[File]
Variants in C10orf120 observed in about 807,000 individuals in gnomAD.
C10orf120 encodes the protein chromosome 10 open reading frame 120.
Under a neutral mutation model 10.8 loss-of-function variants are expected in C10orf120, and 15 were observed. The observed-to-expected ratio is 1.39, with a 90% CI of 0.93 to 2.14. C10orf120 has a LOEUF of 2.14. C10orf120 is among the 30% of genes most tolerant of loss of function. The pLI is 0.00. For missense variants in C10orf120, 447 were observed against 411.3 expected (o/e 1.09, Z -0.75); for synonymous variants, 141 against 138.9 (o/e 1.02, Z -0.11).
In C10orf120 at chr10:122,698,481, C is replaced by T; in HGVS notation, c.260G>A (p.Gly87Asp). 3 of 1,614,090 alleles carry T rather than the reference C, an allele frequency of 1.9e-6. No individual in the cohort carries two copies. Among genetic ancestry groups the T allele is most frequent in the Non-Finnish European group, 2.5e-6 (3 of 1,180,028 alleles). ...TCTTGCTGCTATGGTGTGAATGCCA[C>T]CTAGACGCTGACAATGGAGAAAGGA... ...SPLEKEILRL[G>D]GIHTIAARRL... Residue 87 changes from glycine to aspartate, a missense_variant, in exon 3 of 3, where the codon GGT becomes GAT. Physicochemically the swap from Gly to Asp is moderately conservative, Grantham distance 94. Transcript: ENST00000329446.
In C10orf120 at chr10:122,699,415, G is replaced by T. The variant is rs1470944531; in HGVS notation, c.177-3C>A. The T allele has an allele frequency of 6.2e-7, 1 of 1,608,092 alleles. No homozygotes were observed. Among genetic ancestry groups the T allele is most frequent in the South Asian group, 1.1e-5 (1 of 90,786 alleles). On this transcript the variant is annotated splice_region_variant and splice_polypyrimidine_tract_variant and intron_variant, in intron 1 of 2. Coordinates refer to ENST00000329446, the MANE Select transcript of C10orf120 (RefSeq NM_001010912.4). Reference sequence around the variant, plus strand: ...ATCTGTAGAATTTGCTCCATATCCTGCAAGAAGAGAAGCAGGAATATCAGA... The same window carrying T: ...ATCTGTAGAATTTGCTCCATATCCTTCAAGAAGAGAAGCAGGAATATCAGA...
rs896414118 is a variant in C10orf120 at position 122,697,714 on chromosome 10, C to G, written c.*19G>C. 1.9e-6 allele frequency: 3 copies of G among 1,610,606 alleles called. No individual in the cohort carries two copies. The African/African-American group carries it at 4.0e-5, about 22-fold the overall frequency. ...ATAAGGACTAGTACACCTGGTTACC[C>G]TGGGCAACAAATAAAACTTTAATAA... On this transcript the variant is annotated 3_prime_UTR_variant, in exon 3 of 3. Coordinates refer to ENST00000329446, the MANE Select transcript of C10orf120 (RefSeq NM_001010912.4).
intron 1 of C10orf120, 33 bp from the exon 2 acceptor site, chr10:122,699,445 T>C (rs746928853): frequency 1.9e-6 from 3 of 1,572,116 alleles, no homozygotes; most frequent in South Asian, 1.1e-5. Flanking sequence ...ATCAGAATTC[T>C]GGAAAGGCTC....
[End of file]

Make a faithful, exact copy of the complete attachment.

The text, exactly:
Variants in C10orf120 observed in about 807,000 individuals in gnomAD.
C10orf120 encodes the protein chromosome 10 open reading frame 120.
Under a neutral mutation model 10.8 loss-of-function variants are expected in C10orf120, and 15 were observed. The observed-to-expected ratio is 1.39, with a 90% CI of 0.93 to 2.14. C10orf120 has a LOEUF of 2.14. C10orf120 is among the 30% of genes most tolerant of loss of function. The pLI is 0.00. For missense variants in C10orf120, 447 were observed against 411.3 expected (o/e 1.09, Z -0.75); for synonymous variants, 141 against 138.9 (o/e 1.02, Z -0.11).
In C10orf120 at chr10:122,698,481, C is replaced by T; in HGVS notation, c.260G>A (p.Gly87Asp). 3 of 1,614,090 alleles carry T rather than the reference C, an allele frequency of 1.9e-6. No individual in the cohort carries two copies. Among genetic ancestry groups the T allele is most frequent in the Non-Finnish European group, 2.5e-6 (3 of 1,180,028 alleles). ...TCTTGCTGCTATGGTGTGAATGCCA[C>T]CTAGACGCTGACAATGGAGAAAGGA... ...SPLEKEILRL[G>D]GIHTIAARRL... Residue 87 changes from glycine to aspartate, a missense_variant, in exon 3 of 3, where the codon GGT becomes GAT. Physicochemically the swap from Gly to Asp is moderately conservative, Grantham distance 94. Transcript: ENST00000329446.
In C10orf120 at chr10:122,699,415, G is replaced by T. The variant is rs1470944531; in HGVS notation, c.177-3C>A. The T allele has an allele frequency of 6.2e-7, 1 of 1,608,092 alleles. No homozygotes were observed. Among genetic ancestry groups the T allele is most frequent in the South Asian group, 1.1e-5 (1 of 90,786 alleles). On this transcript the variant is annotated splice_region_variant and splice_polypyrimidine_tract_variant and intron_variant, in intron 1 of 2. Coordinates refer to ENST00000329446, the MANE Select transcript of C10orf120 (RefSeq NM_001010912.4). Reference sequence around the variant, plus strand: ...ATCTGTAGAATTTGCTCCATATCCTGCAAGAAGAGAAGCAGGAATATCAGA... The same window carrying T: ...ATCTGTAGAATTTGCTCCATATCCTTCAAGAAGAGAAGCAGGAATATCAGA...
rs896414118 is a variant in C10orf120 at position 122,697,714 on chromosome 10, C to G, written c.*19G>C. 1.9e-6 allele frequency: 3 copies of G among 1,610,606 alleles called. No individual in the cohort carries two copies. The African/African-American group carries it at 4.0e-5, about 22-fold the overall frequency. ...ATAAGGACTAGTACACCTGGTTACC[C>G]TGGGCAACAAATAAAACTTTAATAA... On this transcript the variant is annotated 3_prime_UTR_variant, in exon 3 of 3. Coordinates refer to ENST00000329446, the MANE Select transcript of C10orf120 (RefSeq NM_001010912.4).
intron 1 of C10orf120, 33 bp from the exon 2 acceptor site, chr10:122,699,445 T>C (rs746928853): frequency 1.9e-6 from 3 of 1,572,116 alleles, no homozygotes; most frequent in South Asian, 1.1e-5. Flanking sequence ...ATCAGAATTC[T>C]GGAAAGGCTC....